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Re: An observation

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  • Peter
    ... Why is it that some people refuse to understand that Christopher Tolkien has a right to decide who gets to publish his father s papers? Anybody who has
    Message 1 of 29 , Oct 9, 2005
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      --- In quenya@yahoogroups.com, "quildarener" <quildarener@y...> wrote:

      > Without reflecting on your scholarship or your right
      > to the Tolkien language material, I would point out that you and the
      > rest of the E.T. have exclusive and jealously guarded control of
      > this material and that only that circumstance forces the rest of us
      > to rely on your release of it as a source of later Tolkien grammar
      > and vocabulary.

      Why is it that some people refuse to understand that Christopher
      Tolkien has a right to decide who gets to publish his father's papers?
      Anybody who has ever worked with archives and private papers in an
      academic manner knows that these has to be "exclusively and jealously"
      guarded since most archives demand that you do not publish without
      their permission. Furthermore when you are working with private papers
      you have to be extra careful since no honest person wants to violate
      the trust of the owner or keeper of the papers.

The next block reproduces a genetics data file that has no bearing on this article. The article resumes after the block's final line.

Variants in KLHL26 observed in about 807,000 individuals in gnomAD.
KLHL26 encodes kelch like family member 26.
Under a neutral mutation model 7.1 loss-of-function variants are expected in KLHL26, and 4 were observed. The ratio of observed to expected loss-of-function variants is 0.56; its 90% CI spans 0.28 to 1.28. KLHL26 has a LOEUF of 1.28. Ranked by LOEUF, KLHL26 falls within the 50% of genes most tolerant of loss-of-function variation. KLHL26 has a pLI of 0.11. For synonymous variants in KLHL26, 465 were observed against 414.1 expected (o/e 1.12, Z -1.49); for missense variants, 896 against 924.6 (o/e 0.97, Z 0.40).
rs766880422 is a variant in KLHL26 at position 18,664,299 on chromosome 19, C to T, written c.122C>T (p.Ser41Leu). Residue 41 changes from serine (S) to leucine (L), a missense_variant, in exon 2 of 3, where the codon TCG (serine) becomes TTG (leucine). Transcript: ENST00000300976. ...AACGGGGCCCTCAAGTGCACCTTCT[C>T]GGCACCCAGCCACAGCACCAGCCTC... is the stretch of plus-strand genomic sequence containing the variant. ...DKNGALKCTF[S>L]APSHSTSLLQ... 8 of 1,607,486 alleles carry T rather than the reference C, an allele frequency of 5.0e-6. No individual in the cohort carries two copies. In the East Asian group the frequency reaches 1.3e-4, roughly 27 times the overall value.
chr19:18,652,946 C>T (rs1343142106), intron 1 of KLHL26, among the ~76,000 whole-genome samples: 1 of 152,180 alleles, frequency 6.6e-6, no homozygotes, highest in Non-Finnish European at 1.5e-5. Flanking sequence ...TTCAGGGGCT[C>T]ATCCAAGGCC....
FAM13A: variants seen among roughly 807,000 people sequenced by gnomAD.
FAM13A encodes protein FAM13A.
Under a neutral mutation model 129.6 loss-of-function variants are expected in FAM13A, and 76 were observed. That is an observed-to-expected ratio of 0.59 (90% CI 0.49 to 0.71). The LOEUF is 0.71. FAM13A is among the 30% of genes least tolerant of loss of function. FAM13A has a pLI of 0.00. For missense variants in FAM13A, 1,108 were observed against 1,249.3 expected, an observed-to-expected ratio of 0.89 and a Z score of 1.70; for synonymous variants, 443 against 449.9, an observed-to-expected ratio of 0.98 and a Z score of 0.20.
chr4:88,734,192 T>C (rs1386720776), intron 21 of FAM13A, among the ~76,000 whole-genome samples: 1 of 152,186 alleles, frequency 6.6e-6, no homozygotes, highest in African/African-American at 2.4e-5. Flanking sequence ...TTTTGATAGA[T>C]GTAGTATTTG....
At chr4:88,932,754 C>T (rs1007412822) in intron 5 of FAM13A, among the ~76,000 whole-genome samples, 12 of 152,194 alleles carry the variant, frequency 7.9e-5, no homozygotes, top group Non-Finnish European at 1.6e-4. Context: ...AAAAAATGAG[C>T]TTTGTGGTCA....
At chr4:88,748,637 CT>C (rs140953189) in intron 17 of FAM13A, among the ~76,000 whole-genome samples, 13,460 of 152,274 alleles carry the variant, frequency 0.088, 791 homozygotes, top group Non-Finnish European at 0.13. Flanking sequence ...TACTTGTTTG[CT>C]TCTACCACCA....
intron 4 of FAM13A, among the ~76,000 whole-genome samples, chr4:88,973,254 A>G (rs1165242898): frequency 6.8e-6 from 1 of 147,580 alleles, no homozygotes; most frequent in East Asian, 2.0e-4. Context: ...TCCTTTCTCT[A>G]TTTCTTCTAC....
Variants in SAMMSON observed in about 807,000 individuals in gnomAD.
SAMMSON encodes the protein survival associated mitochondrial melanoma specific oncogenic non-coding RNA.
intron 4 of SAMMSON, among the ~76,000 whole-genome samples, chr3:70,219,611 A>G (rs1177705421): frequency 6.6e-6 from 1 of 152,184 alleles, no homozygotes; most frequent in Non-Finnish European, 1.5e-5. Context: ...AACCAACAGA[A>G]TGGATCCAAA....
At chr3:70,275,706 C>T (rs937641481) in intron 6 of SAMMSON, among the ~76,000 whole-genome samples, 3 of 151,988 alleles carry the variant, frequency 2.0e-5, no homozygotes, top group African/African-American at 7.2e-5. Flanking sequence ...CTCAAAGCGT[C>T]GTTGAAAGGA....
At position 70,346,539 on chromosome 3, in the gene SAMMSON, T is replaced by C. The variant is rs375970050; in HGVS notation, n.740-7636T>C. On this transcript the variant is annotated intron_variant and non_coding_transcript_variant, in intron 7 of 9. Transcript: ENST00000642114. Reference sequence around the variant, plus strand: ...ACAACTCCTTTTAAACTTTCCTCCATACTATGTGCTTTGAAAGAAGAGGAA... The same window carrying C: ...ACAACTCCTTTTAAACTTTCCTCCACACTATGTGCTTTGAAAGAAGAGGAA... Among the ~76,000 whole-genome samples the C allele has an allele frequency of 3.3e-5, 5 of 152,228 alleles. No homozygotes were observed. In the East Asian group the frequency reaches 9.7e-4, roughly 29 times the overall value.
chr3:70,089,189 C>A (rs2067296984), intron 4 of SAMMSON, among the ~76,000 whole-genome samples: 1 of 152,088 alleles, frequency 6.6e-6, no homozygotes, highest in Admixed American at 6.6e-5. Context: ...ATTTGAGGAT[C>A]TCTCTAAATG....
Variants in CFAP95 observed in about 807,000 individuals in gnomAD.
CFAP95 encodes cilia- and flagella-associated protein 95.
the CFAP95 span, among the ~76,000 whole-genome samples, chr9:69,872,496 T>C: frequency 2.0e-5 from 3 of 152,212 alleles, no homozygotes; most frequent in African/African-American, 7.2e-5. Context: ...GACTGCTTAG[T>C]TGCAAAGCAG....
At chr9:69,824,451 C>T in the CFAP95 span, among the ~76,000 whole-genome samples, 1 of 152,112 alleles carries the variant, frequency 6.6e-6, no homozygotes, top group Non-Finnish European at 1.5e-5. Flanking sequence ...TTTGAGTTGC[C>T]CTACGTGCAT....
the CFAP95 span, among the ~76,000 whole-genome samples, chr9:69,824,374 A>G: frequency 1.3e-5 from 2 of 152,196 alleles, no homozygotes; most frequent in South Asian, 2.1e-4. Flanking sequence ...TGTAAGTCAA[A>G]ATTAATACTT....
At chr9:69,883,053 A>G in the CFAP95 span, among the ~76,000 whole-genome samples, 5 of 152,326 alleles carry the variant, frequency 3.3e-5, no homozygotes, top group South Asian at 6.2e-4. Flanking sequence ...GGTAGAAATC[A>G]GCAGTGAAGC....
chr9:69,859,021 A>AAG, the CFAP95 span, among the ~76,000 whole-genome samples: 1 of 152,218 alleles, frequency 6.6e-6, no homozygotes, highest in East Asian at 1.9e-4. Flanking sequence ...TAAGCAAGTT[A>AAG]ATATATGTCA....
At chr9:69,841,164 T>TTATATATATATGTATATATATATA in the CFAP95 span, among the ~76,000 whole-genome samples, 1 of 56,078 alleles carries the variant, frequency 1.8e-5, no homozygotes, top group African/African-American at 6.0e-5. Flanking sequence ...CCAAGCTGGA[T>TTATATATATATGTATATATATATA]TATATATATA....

It is an absurd assumption that the Tolkien papers should be freely
      available to anyone who comes along since they are the property of the
      Tolkien Estate and frankly I trust Christopher Tolkien and the people
      he has been working with to make these papers available in a
      presentable and scholarly manner.
      "That circumstance" that the E. T. started to work with Christopher
      Tolkien and earned his trust and cooperation has given us the Gnomish
      and Qenya Lexicons, an until then unknown Tolkien writing system, the
      sárati of Rúmil, the answer to what was behind the secret door in the
      Paths of the Dead, five Catholic prayers in Elvish, page after page of
      linguistic philosophy, elvish grammar and elvish words. All presented
      in a thoroughly scholarly manner. And it doesn't seem to stop!
      Happy "circumstance" indeed. I am happy that this task was appointed
      to people who have kept an enduring interest in Tolkien's languages
      over decades. Many people who were active in Tolkien linguistics in
      1992, when I understand the E. T. started their cooperation with Chr.
      Tolkien, have since dropped out. David Salo seems to have "retired"
      after publishing his long awaited book. Lisa Star seems to have
      withdrawn from Tolkien linguistics as well. Luckily the E. T. hasn't
      lost interest and it seems that steadily and surely we will see the
      unfolding of Tolkien's languages from A to Z.
      Thank you Carl F. Hostetter, Christopher Gilson, Patrick Wynne, Arden
      R. Smith and Bill Welden! You give us Tolkien's world in it's own
      words. And for a moment or two we can feel that we are walking with
      the elves.

      Nobody forces anybody to rely on anything. You are free to read what
      you want and write what you want. Don't attack people for having
      access to information, and that complain that you are forced to rely
      on them when they publish that information.

      Sincerely,
      Peter Edelberg
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